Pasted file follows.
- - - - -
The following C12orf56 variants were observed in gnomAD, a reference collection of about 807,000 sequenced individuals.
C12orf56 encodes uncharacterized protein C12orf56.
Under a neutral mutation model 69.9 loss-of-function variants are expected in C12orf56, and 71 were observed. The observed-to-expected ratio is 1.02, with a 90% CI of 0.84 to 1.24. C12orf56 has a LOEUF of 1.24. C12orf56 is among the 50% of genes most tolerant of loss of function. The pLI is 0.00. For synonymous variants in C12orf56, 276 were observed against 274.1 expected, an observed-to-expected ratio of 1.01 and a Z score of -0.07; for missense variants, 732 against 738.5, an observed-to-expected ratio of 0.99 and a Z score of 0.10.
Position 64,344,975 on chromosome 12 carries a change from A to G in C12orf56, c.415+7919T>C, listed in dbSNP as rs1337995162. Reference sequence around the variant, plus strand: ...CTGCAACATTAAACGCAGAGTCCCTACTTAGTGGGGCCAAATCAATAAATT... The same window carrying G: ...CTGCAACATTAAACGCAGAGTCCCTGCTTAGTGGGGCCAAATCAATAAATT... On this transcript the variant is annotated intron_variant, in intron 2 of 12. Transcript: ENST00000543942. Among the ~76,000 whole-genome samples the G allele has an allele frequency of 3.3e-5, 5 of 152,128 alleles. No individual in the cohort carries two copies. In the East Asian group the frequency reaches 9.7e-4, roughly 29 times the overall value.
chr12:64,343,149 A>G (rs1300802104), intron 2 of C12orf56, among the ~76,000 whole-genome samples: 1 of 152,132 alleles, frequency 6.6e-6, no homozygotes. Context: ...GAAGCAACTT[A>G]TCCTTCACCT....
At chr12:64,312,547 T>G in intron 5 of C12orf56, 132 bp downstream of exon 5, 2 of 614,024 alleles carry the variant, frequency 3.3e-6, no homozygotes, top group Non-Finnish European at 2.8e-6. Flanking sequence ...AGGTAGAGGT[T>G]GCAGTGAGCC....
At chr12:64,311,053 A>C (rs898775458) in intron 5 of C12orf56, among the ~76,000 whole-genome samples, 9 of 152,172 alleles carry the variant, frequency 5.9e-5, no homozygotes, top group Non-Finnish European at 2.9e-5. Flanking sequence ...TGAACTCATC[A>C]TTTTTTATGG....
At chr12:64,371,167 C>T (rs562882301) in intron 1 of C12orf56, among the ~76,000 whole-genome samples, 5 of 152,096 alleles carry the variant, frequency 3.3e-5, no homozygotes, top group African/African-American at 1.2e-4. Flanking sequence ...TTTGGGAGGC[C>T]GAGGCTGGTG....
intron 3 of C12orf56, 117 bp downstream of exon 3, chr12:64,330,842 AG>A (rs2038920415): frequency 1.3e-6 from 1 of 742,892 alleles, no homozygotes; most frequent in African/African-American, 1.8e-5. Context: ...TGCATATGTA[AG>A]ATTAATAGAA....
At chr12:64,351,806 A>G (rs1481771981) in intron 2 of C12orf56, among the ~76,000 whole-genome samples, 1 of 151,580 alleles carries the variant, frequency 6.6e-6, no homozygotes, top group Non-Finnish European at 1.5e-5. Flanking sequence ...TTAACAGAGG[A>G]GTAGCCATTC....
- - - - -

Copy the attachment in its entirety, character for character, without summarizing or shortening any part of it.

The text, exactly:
The following C12orf56 variants were observed in gnomAD, a reference collection of about 807,000 sequenced individuals.
C12orf56 encodes uncharacterized protein C12orf56.
Under a neutral mutation model 69.9 loss-of-function variants are expected in C12orf56, and 71 were observed. The observed-to-expected ratio is 1.02, with a 90% CI of 0.84 to 1.24. C12orf56 has a LOEUF of 1.24. C12orf56 is among the 50% of genes most tolerant of loss of function. The pLI is 0.00. For synonymous variants in C12orf56, 276 were observed against 274.1 expected, an observed-to-expected ratio of 1.01 and a Z score of -0.07; for missense variants, 732 against 738.5, an observed-to-expected ratio of 0.99 and a Z score of 0.10.
Position 64,344,975 on chromosome 12 carries a change from A to G in C12orf56, c.415+7919T>C, listed in dbSNP as rs1337995162. Reference sequence around the variant, plus strand: ...CTGCAACATTAAACGCAGAGTCCCTACTTAGTGGGGCCAAATCAATAAATT... The same window carrying G: ...CTGCAACATTAAACGCAGAGTCCCTGCTTAGTGGGGCCAAATCAATAAATT... On this transcript the variant is annotated intron_variant, in intron 2 of 12. Transcript: ENST00000543942. Among the ~76,000 whole-genome samples the G allele has an allele frequency of 3.3e-5, 5 of 152,128 alleles. No individual in the cohort carries two copies. In the East Asian group the frequency reaches 9.7e-4, roughly 29 times the overall value.
chr12:64,343,149 A>G (rs1300802104), intron 2 of C12orf56, among the ~76,000 whole-genome samples: 1 of 152,132 alleles, frequency 6.6e-6, no homozygotes. Context: ...GAAGCAACTT[A>G]TCCTTCACCT....
At chr12:64,312,547 T>G in intron 5 of C12orf56, 132 bp downstream of exon 5, 2 of 614,024 alleles carry the variant, frequency 3.3e-6, no homozygotes, top group Non-Finnish European at 2.8e-6. Flanking sequence ...AGGTAGAGGT[T>G]GCAGTGAGCC....
At chr12:64,311,053 A>C (rs898775458) in intron 5 of C12orf56, among the ~76,000 whole-genome samples, 9 of 152,172 alleles carry the variant, frequency 5.9e-5, no homozygotes, top group Non-Finnish European at 2.9e-5. Flanking sequence ...TGAACTCATC[A>C]TTTTTTATGG....
At chr12:64,371,167 C>T (rs562882301) in intron 1 of C12orf56, among the ~76,000 whole-genome samples, 5 of 152,096 alleles carry the variant, frequency 3.3e-5, no homozygotes, top group African/African-American at 1.2e-4. Flanking sequence ...TTTGGGAGGC[C>T]GAGGCTGGTG....
intron 3 of C12orf56, 117 bp downstream of exon 3, chr12:64,330,842 AG>A (rs2038920415): frequency 1.3e-6 from 1 of 742,892 alleles, no homozygotes; most frequent in African/African-American, 1.8e-5. Context: ...TGCATATGTA[AG>A]ATTAATAGAA....
At chr12:64,351,806 A>G (rs1481771981) in intron 2 of C12orf56, among the ~76,000 whole-genome samples, 1 of 151,580 alleles carries the variant, frequency 6.6e-6, no homozygotes, top group Non-Finnish European at 1.5e-5. Flanking sequence ...TTAACAGAGG[A>G]GTAGCCATTC....